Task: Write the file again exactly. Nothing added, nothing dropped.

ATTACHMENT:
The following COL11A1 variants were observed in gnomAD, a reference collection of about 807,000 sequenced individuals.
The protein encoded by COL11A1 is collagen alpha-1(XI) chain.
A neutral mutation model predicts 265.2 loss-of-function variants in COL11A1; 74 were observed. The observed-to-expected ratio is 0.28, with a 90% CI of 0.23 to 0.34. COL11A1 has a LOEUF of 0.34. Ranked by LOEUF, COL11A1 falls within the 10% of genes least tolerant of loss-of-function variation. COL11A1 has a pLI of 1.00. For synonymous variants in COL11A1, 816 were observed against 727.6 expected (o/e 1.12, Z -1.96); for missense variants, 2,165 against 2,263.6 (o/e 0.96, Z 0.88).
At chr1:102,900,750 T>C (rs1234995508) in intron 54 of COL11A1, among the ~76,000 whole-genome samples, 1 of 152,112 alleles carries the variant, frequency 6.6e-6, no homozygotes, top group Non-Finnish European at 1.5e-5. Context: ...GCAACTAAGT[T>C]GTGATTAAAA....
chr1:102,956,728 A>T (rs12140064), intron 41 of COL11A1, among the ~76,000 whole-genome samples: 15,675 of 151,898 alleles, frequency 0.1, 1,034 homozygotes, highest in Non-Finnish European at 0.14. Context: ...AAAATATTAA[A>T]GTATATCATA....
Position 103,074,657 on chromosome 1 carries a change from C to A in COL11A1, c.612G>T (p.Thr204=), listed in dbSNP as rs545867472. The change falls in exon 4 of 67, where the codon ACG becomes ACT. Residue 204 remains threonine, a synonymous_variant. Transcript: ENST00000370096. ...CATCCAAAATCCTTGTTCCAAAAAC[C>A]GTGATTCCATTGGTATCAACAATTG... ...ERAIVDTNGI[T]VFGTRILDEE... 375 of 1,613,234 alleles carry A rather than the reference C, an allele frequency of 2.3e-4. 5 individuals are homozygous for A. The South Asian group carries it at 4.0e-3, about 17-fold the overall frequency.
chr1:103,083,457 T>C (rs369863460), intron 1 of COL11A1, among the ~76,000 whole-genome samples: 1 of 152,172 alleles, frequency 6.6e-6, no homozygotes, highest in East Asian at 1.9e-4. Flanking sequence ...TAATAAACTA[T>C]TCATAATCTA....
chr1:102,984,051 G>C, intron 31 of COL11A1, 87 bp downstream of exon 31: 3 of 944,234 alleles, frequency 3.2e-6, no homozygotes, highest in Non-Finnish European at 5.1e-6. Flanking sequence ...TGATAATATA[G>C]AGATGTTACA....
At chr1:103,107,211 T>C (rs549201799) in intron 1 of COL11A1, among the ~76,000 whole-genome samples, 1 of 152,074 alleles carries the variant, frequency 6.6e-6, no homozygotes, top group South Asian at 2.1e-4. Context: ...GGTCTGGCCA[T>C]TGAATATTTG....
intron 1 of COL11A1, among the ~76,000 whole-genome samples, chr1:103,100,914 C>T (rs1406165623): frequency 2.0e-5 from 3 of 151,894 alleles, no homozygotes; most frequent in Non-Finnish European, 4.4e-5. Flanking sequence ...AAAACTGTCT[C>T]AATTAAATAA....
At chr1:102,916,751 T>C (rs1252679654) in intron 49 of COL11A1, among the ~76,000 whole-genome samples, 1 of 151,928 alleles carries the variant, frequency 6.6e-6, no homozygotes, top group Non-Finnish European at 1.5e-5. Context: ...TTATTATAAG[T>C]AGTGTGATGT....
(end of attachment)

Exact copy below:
The following COL11A1 variants were observed in gnomAD, a reference collection of about 807,000 sequenced individuals.
The protein encoded by COL11A1 is collagen alpha-1(XI) chain.
A neutral mutation model predicts 265.2 loss-of-function variants in COL11A1; 74 were observed. The observed-to-expected ratio is 0.28, with a 90% CI of 0.23 to 0.34. COL11A1 has a LOEUF of 0.34. Ranked by LOEUF, COL11A1 falls within the 10% of genes least tolerant of loss-of-function variation. COL11A1 has a pLI of 1.00. For synonymous variants in COL11A1, 816 were observed against 727.6 expected (o/e 1.12, Z -1.96); for missense variants, 2,165 against 2,263.6 (o/e 0.96, Z 0.88).
At chr1:102,900,750 T>C (rs1234995508) in intron 54 of COL11A1, among the ~76,000 whole-genome samples, 1 of 152,112 alleles carries the variant, frequency 6.6e-6, no homozygotes, top group Non-Finnish European at 1.5e-5. Context: ...GCAACTAAGT[T>C]GTGATTAAAA....
chr1:102,956,728 A>T (rs12140064), intron 41 of COL11A1, among the ~76,000 whole-genome samples: 15,675 of 151,898 alleles, frequency 0.1, 1,034 homozygotes, highest in Non-Finnish European at 0.14. Context: ...AAAATATTAA[A>T]GTATATCATA....
Position 103,074,657 on chromosome 1 carries a change from C to A in COL11A1, c.612G>T (p.Thr204=), listed in dbSNP as rs545867472. The change falls in exon 4 of 67, where the codon ACG becomes ACT. Residue 204 remains threonine, a synonymous_variant. Transcript: ENST00000370096. ...CATCCAAAATCCTTGTTCCAAAAAC[C>A]GTGATTCCATTGGTATCAACAATTG... ...ERAIVDTNGI[T]VFGTRILDEE... 375 of 1,613,234 alleles carry A rather than the reference C, an allele frequency of 2.3e-4. 5 individuals are homozygous for A. The South Asian group carries it at 4.0e-3, about 17-fold the overall frequency.
chr1:103,083,457 T>C (rs369863460), intron 1 of COL11A1, among the ~76,000 whole-genome samples: 1 of 152,172 alleles, frequency 6.6e-6, no homozygotes, highest in East Asian at 1.9e-4. Flanking sequence ...TAATAAACTA[T>C]TCATAATCTA....
chr1:102,984,051 G>C, intron 31 of COL11A1, 87 bp downstream of exon 31: 3 of 944,234 alleles, frequency 3.2e-6, no homozygotes, highest in Non-Finnish European at 5.1e-6. Flanking sequence ...TGATAATATA[G>C]AGATGTTACA....
At chr1:103,107,211 T>C (rs549201799) in intron 1 of COL11A1, among the ~76,000 whole-genome samples, 1 of 152,074 alleles carries the variant, frequency 6.6e-6, no homozygotes, top group South Asian at 2.1e-4. Context: ...GGTCTGGCCA[T>C]TGAATATTTG....
intron 1 of COL11A1, among the ~76,000 whole-genome samples, chr1:103,100,914 C>T (rs1406165623): frequency 2.0e-5 from 3 of 151,894 alleles, no homozygotes; most frequent in Non-Finnish European, 4.4e-5. Flanking sequence ...AAAACTGTCT[C>T]AATTAAATAA....
At chr1:102,916,751 T>C (rs1252679654) in intron 49 of COL11A1, among the ~76,000 whole-genome samples, 1 of 151,928 alleles carries the variant, frequency 6.6e-6, no homozygotes, top group Non-Finnish European at 1.5e-5. Context: ...TTATTATAAG[T>C]AGTGTGATGT....